Falkirk residents’ anger over Kelpies artist’s burger van ban

Kelpies artist Andy Scott claims the Artisan Grill "defiles" his creation. Picture: Michael Gillen

Kelpies artist Andy Scott claims the Artisan Grill "defiles" his creation. Picture: Michael Gillen

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Falkirk residents have reacted with anger over Kelpies creator Andy Scott’s insistence a burger bar be removed from the vicinity of the attraction.

The artist behind the 30-metre high mythical horses was “flabbergasted” when a “fake Bavarian burger bar” was put up within metres of his creation earlier this year.

He claimed the fast food cabin Artisan Grill, approved by Falkirk Community Trust (FCT) in March, was “offensive” and prevented tourists properly viewing the horses.

Mr Scott – who owns the intellectual property rights for the statues – even threatened legal action over the “sauce-stained” stall.

Now Falkirk Council’s planning review panel, consisting of councillors Baillie William Buchanan, Colin Chalmers and John McLuckie, has turned down a retrospective application for the stall – meaning it will have to be removed.

The stall’s owners, Supreme Fast Foods, previously had their application turned down but asked for a review, even offering to relocate to a less controversial spot.

A spokeswoman for the council said: “The operators were previously refused planning permission by planning officers under delegated powers. They then asked for a review. The planning review committee of Falkirk Council has upheld officers’ decision to refuse planning permission.”

Mr Scott said: “I am absolutely delighted that good sense has prevailed. This decision means that the artworks and the landscaping will once again be seen in their full glory in the way it was intended.”

He added: “It’s nothing to do with me trying to be unyielding or unwieldy or anything like that. The reality is I have a say. My job is to protect the integrity of the artwork. If these are supposed to be landmarks for the country they should be treated accordingly.”

Mr Scott had threatened legal action if his concerns were not addressed and his stance was backed up by Richard Millar, director of infrastructure with Scottish Canals.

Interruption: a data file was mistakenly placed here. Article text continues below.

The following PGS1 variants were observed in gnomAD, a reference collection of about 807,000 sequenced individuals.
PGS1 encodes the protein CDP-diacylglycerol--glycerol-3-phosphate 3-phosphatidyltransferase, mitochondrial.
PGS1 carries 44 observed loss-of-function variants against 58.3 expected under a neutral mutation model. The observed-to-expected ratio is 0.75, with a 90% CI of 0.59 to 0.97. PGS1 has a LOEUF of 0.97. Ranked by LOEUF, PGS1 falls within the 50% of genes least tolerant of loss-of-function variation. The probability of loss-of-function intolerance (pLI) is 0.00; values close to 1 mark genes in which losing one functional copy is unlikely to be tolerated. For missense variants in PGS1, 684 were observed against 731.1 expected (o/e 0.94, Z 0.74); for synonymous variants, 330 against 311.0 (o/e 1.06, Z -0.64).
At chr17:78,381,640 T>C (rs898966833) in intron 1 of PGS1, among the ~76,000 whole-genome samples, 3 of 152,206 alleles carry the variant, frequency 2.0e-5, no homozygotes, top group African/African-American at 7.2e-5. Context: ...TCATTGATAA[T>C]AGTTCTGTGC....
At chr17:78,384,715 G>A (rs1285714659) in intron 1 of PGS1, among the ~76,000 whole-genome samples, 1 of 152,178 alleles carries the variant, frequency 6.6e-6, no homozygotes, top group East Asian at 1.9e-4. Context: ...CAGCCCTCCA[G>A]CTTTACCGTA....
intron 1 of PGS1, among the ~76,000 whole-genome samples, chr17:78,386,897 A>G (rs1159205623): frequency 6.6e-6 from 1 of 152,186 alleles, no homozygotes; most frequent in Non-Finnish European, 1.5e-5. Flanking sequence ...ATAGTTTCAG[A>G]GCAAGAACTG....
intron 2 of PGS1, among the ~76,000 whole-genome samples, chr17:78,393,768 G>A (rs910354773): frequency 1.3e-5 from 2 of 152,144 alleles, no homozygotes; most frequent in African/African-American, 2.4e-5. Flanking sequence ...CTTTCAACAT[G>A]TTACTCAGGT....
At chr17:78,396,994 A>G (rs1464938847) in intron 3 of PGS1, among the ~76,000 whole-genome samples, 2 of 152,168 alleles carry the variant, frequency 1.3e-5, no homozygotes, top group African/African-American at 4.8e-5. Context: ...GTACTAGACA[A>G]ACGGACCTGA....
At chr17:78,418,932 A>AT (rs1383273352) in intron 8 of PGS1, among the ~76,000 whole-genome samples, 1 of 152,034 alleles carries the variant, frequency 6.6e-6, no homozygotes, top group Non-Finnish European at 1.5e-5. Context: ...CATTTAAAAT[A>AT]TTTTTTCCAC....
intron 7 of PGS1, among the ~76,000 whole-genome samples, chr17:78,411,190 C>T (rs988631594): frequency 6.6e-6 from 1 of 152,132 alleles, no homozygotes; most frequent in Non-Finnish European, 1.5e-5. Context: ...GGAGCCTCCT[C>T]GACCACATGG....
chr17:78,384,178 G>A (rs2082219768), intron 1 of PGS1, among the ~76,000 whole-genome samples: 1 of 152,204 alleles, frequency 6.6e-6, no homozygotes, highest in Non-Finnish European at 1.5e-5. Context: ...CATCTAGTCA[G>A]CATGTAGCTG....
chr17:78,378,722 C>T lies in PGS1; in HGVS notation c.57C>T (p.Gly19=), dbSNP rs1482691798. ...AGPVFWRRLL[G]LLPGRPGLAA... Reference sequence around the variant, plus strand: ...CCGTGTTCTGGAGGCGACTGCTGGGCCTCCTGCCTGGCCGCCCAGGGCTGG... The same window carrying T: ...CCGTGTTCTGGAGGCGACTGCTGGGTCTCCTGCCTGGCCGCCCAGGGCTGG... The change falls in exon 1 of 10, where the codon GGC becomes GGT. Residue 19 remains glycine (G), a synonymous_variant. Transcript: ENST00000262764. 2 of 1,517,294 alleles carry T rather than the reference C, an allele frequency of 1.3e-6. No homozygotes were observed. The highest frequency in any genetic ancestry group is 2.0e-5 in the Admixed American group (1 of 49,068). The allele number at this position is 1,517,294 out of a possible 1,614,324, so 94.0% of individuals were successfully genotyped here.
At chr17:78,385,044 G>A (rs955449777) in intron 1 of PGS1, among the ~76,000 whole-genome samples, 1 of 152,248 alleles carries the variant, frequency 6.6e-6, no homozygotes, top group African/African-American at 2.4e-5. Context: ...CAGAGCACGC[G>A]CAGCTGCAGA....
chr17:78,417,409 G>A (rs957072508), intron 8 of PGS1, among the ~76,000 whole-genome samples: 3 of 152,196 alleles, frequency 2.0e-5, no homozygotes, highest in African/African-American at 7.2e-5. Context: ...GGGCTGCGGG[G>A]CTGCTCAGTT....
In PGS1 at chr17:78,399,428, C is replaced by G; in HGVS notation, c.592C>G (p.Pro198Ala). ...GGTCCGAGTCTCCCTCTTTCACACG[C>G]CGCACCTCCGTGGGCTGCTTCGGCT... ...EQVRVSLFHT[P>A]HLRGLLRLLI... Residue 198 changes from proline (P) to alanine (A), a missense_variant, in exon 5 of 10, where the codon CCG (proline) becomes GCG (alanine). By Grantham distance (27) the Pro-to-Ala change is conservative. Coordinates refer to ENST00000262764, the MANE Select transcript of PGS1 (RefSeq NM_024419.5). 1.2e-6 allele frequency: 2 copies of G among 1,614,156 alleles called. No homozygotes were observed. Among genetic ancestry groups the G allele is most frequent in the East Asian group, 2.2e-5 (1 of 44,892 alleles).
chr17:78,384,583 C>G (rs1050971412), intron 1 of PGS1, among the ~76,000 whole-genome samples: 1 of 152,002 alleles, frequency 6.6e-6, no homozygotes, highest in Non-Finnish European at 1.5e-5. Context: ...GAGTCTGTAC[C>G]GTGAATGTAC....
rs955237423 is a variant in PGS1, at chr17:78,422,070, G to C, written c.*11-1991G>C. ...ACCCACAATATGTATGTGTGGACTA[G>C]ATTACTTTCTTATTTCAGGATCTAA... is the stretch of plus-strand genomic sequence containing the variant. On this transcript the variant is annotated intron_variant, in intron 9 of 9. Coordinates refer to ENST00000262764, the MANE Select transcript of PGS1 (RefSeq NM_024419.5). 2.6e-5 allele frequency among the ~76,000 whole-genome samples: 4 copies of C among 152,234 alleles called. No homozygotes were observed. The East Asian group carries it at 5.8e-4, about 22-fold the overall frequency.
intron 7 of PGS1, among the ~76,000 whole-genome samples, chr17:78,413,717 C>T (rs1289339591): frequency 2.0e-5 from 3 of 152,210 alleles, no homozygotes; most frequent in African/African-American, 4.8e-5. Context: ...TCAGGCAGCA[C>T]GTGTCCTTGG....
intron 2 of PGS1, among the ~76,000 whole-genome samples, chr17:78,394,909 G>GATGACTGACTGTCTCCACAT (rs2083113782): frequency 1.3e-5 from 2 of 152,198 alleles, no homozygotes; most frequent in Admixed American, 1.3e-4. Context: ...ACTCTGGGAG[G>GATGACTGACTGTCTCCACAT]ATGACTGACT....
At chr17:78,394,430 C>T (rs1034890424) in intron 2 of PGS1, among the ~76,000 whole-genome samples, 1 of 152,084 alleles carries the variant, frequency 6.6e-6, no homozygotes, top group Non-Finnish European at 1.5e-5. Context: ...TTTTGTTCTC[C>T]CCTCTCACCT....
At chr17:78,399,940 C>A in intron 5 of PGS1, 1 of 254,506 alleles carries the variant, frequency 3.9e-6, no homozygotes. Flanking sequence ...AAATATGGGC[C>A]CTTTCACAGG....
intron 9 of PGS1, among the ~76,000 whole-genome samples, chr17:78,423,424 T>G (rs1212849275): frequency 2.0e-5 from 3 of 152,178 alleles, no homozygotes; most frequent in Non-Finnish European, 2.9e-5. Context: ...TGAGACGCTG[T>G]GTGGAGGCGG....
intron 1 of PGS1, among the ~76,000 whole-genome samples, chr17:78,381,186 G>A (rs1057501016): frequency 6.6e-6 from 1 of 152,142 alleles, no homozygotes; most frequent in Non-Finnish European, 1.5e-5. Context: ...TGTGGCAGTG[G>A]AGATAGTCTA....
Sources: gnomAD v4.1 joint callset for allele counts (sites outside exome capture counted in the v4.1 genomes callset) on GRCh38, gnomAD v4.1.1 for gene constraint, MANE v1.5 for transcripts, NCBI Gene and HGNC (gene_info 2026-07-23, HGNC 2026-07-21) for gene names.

Tom McInally, a town planner action on behalf of Supreme Fast Foods, said the company had agreed to erect the stall in good faith.

He said: “The applicant simply responded to an invitation to tender for a business opportunity advertised on a Scottish Government website at the request of Falkirk Community Trust (FCT).

“The agency responsible for the site invited the operation in. FCT was fully aware of the nature and location of the proposed food unit and allowed the applicant to operate from the site and provided clearance that landowner consent was not required.”

A spokeswoman for the trust said: “The matter of the suitability for this operation in land use terms is a matter for the local planning authority, not FCT or the sculptor.”

Falkirk councillors have previously called into question Mr Scott’s control over the Kelpies, claiming that as it was funded through taxpayer and lottery cash, the public should have more say on how they are managed.

Mr Scott’s latest action has angered many Falkirk residents who made their feelings known on the Herald’s Facebook page this week.

Nicki Reed said: “This is just stupid, he created the Kelpies which are a massive tourist attraction and tourists also want a drink, bite to eat, cake and a chance to chill. There is no way this is offensive.”

Lisa Wardlaw said: “The burger van doesn’t obstruct any view of The Kelpies whatsoever. The burger kiosk is a well kept and nicely decorated area. Nothing like you would find on the side of a road.”